A very common disorder

Painful periods are among the most frequent gynecological disorders. Far from being harmless, they can seriously spoil the lives of women who are victims. If the origin of this problem remains mysterious, high stress levels can double the risk of their occurrence.

Stress stress doubles the risk of painful rules

Extremely widespread, the pains accompanying the rules are often considered by women as a cruel fatality. But for the first time, a study suggests that better stress control has a preventive effect 1.

After two or three days of pain in the abdominal area and / or lower back during menstruation, we speak of dysmenorrhea. Among female gynecological disorders, the painful rules are extremely widespread. The proportion of women affected varies between 43% and 90% according to the studies. Approximately, between 10 and 15% suffer from severe and disabling dysmenorrhea, which can lead to work stoppages, school absenteeism and a reduction in quality of life 4.5.
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At the same time, evidence is accumulating around the deleterious role of stress in the occurrence of gynecological problems of pregnancy, such as premature births.6 But despite an increasingly serious suspicion, the links between stress and painful menstruation, Had not been identified. Previous studies were confronted with the difficulty of linking these two conditions precisely over time, based only a posteriori on the subjective statements of women.

Desiring to clarify the situation, US and Chinese researchers have recruited several hundred women between the ages of 20 and 34, having stopped any contraception after obtaining permission to have their first child ... birth control made in China obliges! After excluding women suspected of organic gynecological disorders, each participant completed daily a questionnaire mentioning the level of stress, the onset of illness, taking medication, the rate of sexual intercourse and of course the characteristics of their cycle , Including the occurrence of pain. This follow-up lasted 12 months or until the appearance of a pregnancy. In total, 1,160 cycles of 388 women were studied.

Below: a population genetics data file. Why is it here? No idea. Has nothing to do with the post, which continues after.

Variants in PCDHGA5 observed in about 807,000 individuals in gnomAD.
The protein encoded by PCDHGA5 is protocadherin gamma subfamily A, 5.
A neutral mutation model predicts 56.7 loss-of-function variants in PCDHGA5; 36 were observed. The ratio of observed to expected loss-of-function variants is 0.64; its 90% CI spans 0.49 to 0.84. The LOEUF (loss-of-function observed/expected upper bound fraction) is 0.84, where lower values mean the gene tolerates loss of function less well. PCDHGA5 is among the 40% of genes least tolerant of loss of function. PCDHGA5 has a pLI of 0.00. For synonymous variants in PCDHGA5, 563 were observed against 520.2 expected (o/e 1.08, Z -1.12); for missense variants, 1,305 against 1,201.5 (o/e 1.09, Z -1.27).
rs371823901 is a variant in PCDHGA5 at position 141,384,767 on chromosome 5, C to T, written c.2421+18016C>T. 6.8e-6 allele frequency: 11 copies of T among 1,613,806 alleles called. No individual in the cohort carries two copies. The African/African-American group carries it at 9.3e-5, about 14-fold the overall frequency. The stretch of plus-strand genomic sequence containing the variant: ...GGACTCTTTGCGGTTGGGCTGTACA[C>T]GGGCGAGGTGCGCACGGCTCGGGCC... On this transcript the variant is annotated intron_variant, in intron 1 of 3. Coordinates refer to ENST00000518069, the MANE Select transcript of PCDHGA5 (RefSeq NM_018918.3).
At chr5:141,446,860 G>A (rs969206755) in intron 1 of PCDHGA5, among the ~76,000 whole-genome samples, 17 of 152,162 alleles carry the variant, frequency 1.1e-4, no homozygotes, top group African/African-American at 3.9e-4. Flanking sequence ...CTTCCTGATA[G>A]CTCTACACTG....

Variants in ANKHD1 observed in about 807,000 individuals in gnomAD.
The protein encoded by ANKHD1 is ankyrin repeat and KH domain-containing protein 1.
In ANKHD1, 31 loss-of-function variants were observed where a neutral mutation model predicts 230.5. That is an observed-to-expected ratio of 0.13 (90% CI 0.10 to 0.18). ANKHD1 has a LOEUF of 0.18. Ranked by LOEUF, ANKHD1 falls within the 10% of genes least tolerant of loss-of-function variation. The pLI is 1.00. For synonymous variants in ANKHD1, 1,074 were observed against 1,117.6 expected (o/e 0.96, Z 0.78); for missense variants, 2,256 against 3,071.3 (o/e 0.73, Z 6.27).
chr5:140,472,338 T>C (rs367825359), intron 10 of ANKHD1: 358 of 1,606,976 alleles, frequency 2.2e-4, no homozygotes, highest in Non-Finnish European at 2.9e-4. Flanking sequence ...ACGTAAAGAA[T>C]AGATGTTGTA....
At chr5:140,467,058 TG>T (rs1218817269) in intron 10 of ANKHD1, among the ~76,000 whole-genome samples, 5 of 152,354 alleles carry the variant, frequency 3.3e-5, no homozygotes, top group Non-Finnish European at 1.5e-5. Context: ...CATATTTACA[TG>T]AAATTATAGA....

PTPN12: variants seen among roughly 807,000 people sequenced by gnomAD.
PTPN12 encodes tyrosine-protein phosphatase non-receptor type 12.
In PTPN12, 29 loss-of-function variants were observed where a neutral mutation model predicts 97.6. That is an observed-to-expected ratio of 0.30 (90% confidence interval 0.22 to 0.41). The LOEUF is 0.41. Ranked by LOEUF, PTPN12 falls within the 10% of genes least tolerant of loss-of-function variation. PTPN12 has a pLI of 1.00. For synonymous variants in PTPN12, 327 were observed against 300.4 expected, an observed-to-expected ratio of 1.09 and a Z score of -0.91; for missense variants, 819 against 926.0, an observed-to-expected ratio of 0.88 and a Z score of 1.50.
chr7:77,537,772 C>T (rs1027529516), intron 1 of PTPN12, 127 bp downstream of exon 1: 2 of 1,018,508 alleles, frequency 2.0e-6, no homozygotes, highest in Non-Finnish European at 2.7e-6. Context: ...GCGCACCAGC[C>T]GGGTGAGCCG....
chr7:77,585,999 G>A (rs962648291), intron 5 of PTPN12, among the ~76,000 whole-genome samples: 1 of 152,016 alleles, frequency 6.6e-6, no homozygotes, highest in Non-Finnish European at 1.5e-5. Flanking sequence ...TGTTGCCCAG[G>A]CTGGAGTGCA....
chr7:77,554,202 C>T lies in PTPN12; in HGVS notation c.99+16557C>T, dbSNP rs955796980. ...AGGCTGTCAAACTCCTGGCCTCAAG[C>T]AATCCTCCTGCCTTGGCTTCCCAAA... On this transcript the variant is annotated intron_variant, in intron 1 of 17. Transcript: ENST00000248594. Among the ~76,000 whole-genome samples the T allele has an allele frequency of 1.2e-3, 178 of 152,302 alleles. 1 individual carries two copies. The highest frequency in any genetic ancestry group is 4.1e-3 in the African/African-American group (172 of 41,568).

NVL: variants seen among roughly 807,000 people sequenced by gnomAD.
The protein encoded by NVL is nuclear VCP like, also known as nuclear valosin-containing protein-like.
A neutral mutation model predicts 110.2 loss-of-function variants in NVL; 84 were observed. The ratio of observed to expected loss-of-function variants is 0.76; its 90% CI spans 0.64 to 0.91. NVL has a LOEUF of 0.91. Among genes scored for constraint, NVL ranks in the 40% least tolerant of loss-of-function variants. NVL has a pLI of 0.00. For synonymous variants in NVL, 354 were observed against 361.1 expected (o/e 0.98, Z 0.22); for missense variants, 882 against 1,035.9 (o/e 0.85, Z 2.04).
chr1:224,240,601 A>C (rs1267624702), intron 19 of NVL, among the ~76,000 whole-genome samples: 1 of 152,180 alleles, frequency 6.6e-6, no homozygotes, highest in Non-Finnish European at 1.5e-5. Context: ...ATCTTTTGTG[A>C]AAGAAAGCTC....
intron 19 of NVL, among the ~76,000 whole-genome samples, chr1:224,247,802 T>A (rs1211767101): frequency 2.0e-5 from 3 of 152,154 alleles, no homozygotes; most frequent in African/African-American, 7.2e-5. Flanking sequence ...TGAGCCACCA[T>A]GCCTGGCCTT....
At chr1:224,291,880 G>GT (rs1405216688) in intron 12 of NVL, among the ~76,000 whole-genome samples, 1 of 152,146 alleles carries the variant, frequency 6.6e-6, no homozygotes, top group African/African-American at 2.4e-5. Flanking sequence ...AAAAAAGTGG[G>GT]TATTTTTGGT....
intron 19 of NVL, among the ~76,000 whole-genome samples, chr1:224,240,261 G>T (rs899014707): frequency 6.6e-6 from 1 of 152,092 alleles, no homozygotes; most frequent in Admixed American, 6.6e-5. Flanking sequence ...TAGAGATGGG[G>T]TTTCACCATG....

The results highlight the influence of stress. The incidence of dysmenorrhea increases with the degree of stress: from 21.9% for a low stress to 43.9% for a high level. Compared to a "peaceful cycle", the risk of experiencing these gynecological discomforts was more than doubled (2.4) in the event of severe stress. The researchers also showed that the influence of stress is greater during the two weeks preceding ovulation (luteal phase) than during the two weeks after (luteal phase).

Currently, the biological mechanisms at work remain to be elucidated even if the most probable hypothesis rests on a cascade of events whose origin would be an alteration of the secretion of certain hormones. Despite this mystery, the identification of risk factors is all the more important as this disorder handicaps the lives of millions of women. According to the authors, "prevention (by better management of stress) could be a safer approach than pharmacological treatment, especially in women desiring a child and in whom painkillers are often contraindicated." So no longer to let these intimate problems spoil your life, go to our section "Stop stress"!

Sources

1 - Occup About Med 2004,61: 1021-1026; 2 - Arch Gynecol 1981,230: 173-7; 3 - Obstet Gynecol 1996,87: 55-8; 4 - Women Health 1983,8: 91-106; - J Reprod Med 1985,30: 154-67; 6 - Am J Epidemiol 2003,157: 14-24